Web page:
The White House released an executive order recently calling antibiotic resistance a threat to national security, and declaring their commitment to fighting the problem, sometimes called Superbugs.
There are multiple reasons why certain strains of illness become resistant to common medication, according to the World Health Organization.
“The evolution of resistant strains is a natural phenomenon that occurs when microorganisms replicate themselves erroneously or when resistant traits are exchanged between them,” the WHO website reads. “The use and misuse of antimicrobial drugs accelerates the emergence of drug-resistant strains. Poor infection control practices, inadequate sanitary conditions and inappropriate food-handling encourages the further spread of AMR.”
While antibiotics have been a miracle in the fight against illness in the last century, misuse of antibiotics have helped lead to the terrifying problem of bacteria that change to resist medication. Many call antibiotic overuse in the livestock industry one of the most serious problems.
The White House didn’t point fingers however, but simply acknowledged the problem and the need for change.
“Antibiotics save millions of lives each year in the United States and around the world,” says the Executive Order. “The rise of antibiotic-resistant bacteria, however, represents a serious threat to public health and the economy.”
The White House’s document listed statistics from the CDC and HHS that estimate 23,000 people die each year in the US from antibiotic resistant bacteria. Millions more become ill from these bacteria.
Most of these deaths come in hospitals and among the elderly. Estimates say that about $20 billion is the financial burden placed on our healthcare system because of antibiotic resistance.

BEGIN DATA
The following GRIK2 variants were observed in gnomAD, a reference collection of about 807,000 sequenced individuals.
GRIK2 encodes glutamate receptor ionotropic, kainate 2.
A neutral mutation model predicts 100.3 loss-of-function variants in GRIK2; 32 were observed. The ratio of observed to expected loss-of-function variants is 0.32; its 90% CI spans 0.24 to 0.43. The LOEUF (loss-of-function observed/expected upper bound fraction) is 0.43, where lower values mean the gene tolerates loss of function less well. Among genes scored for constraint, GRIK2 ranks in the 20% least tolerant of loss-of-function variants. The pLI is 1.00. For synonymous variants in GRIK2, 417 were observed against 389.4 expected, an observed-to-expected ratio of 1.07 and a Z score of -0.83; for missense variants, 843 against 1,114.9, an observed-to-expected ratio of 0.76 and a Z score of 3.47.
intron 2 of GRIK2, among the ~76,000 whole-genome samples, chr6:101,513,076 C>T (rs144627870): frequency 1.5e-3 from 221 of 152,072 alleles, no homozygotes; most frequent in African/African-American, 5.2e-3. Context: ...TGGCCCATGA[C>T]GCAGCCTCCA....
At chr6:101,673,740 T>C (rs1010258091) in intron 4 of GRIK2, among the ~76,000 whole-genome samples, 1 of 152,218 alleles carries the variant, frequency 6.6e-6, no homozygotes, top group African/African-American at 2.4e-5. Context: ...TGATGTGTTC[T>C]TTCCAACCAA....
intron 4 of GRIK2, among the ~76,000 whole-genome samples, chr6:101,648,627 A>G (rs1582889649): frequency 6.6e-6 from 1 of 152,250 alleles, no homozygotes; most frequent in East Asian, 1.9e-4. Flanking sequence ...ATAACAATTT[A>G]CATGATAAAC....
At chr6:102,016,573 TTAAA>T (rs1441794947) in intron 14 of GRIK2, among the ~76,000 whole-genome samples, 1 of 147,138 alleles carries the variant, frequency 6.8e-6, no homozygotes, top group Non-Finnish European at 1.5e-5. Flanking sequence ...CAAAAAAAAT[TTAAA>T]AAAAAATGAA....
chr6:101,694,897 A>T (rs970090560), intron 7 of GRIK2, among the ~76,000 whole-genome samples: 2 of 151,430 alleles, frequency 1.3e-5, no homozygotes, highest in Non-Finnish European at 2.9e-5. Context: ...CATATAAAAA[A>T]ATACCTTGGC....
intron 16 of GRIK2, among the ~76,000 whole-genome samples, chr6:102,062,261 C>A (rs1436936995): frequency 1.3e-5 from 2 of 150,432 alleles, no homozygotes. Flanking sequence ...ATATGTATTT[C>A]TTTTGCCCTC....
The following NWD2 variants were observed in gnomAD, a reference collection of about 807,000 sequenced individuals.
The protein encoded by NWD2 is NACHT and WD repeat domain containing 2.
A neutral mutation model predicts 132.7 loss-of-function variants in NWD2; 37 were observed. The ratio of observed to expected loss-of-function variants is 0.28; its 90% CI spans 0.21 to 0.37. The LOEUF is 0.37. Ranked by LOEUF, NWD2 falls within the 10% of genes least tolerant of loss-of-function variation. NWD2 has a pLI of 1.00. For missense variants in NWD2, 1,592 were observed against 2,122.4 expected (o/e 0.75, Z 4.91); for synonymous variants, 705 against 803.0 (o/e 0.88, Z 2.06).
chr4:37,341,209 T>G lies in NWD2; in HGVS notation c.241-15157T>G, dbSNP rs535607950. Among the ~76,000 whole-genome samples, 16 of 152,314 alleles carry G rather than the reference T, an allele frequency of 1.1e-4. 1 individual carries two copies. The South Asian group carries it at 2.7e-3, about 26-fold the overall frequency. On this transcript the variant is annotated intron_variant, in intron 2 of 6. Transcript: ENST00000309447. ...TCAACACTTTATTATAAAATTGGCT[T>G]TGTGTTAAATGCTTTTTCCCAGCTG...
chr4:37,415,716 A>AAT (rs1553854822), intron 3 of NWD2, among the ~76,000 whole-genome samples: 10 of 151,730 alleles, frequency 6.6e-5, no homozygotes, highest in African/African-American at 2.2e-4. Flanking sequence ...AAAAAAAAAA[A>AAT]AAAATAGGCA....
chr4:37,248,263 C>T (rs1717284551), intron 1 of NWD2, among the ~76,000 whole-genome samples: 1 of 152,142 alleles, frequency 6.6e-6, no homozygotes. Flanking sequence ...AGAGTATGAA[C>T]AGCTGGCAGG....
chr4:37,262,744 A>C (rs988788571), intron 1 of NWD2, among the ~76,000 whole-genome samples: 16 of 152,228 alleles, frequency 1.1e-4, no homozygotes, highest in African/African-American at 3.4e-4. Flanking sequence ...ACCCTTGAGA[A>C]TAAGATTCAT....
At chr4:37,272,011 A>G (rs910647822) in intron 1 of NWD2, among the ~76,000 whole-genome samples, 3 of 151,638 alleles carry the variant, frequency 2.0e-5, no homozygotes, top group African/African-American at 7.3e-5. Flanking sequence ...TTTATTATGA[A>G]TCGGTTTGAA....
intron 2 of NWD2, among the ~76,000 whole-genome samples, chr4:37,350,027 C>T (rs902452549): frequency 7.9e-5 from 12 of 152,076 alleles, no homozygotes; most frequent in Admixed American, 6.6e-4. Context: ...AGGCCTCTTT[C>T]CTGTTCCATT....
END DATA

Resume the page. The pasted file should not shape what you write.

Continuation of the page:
The White House Commitment
“The Federal Government will work domestically and internationally to detect, prevent, and control illness and death related to antibiotic-resistant infections by implementing measures that reduce the emergence and spread of antibiotic-resistant bacteria and help ensure the continued availability of effective therapeutics for the treatment of bacterial infections,” the document states.
“Continued availability” is an important aspect of change, as part of the problem is that new antibiotics have not been created fast enough to replace the ones that are becoming obsolete.
The White House has created a Task Force for Combating Antiobiotic-Resistance Bacteria, which will include representation from the State, Justice and Homeland Security Departments. It will also include representation from the National Science Foundation, the National Security Council and more.
The Obama administration also announced a $20 million prize for the creation of a new superbug diagnostic test.
The Executive Order calls on the Department of Health and Human Services (HHS) to propose new regulations by the end of 2016. HHS will review current regulations and work to implement better antibiotic stewardship, hopefully to curb overuse of antibiotics and the spread of resistant strains of bacteria.
The Order also calls on different government departments to assign representatives to international action, including with the World Health Organization, to fight the problem.
The World Health Organization has been spreading awareness about this problem for years. They report that in 2012, there were 450,000 new cases of multi-drug resistant tuberculosis. They identified this problem in 92 countries.
Other global problems include:
• Resistance to early-generation antimalarial drugs.
• Resistance to drugs for urinary tract infections, pneumonia and bloodstream infections.
• Resistance to ghonorrhea medication.